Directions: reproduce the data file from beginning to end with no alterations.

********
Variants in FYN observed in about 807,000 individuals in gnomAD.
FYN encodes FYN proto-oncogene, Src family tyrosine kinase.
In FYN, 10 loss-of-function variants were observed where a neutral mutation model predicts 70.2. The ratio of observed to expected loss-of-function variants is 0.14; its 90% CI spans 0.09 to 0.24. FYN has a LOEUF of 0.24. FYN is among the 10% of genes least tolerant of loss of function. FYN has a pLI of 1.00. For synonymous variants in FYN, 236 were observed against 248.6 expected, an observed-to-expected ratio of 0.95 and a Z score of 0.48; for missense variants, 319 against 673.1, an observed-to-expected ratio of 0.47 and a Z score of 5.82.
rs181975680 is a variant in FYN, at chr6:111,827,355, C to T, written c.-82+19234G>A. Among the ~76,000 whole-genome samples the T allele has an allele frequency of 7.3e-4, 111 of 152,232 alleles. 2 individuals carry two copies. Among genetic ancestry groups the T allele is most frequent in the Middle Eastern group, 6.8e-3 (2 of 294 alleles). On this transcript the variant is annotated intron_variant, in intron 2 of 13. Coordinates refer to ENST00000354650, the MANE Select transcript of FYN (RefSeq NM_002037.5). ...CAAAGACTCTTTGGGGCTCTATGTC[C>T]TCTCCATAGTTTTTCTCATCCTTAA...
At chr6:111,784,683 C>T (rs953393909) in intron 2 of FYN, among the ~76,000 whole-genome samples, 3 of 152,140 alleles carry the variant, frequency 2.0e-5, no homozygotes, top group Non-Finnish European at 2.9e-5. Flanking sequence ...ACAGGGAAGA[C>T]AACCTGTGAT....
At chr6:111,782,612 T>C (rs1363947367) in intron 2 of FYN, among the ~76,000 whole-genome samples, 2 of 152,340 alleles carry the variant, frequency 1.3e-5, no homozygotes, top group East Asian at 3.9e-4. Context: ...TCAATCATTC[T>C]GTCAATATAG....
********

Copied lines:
Variants in FYN observed in about 807,000 individuals in gnomAD.
FYN encodes FYN proto-oncogene, Src family tyrosine kinase.
In FYN, 10 loss-of-function variants were observed where a neutral mutation model predicts 70.2. The ratio of observed to expected loss-of-function variants is 0.14; its 90% CI spans 0.09 to 0.24. FYN has a LOEUF of 0.24. FYN is among the 10% of genes least tolerant of loss of function. FYN has a pLI of 1.00. For synonymous variants in FYN, 236 were observed against 248.6 expected, an observed-to-expected ratio of 0.95 and a Z score of 0.48; for missense variants, 319 against 673.1, an observed-to-expected ratio of 0.47 and a Z score of 5.82.
rs181975680 is a variant in FYN, at chr6:111,827,355, C to T, written c.-82+19234G>A. Among the ~76,000 whole-genome samples the T allele has an allele frequency of 7.3e-4, 111 of 152,232 alleles. 2 individuals carry two copies. Among genetic ancestry groups the T allele is most frequent in the Middle Eastern group, 6.8e-3 (2 of 294 alleles). On this transcript the variant is annotated intron_variant, in intron 2 of 13. Coordinates refer to ENST00000354650, the MANE Select transcript of FYN (RefSeq NM_002037.5). ...CAAAGACTCTTTGGGGCTCTATGTC[C>T]TCTCCATAGTTTTTCTCATCCTTAA...
At chr6:111,784,683 C>T (rs953393909) in intron 2 of FYN, among the ~76,000 whole-genome samples, 3 of 152,140 alleles carry the variant, frequency 2.0e-5, no homozygotes, top group Non-Finnish European at 2.9e-5. Flanking sequence ...ACAGGGAAGA[C>T]AACCTGTGAT....
At chr6:111,782,612 T>C (rs1363947367) in intron 2 of FYN, among the ~76,000 whole-genome samples, 2 of 152,340 alleles carry the variant, frequency 1.3e-5, no homozygotes, top group East Asian at 3.9e-4. Context: ...TCAATCATTC[T>C]GTCAATATAG....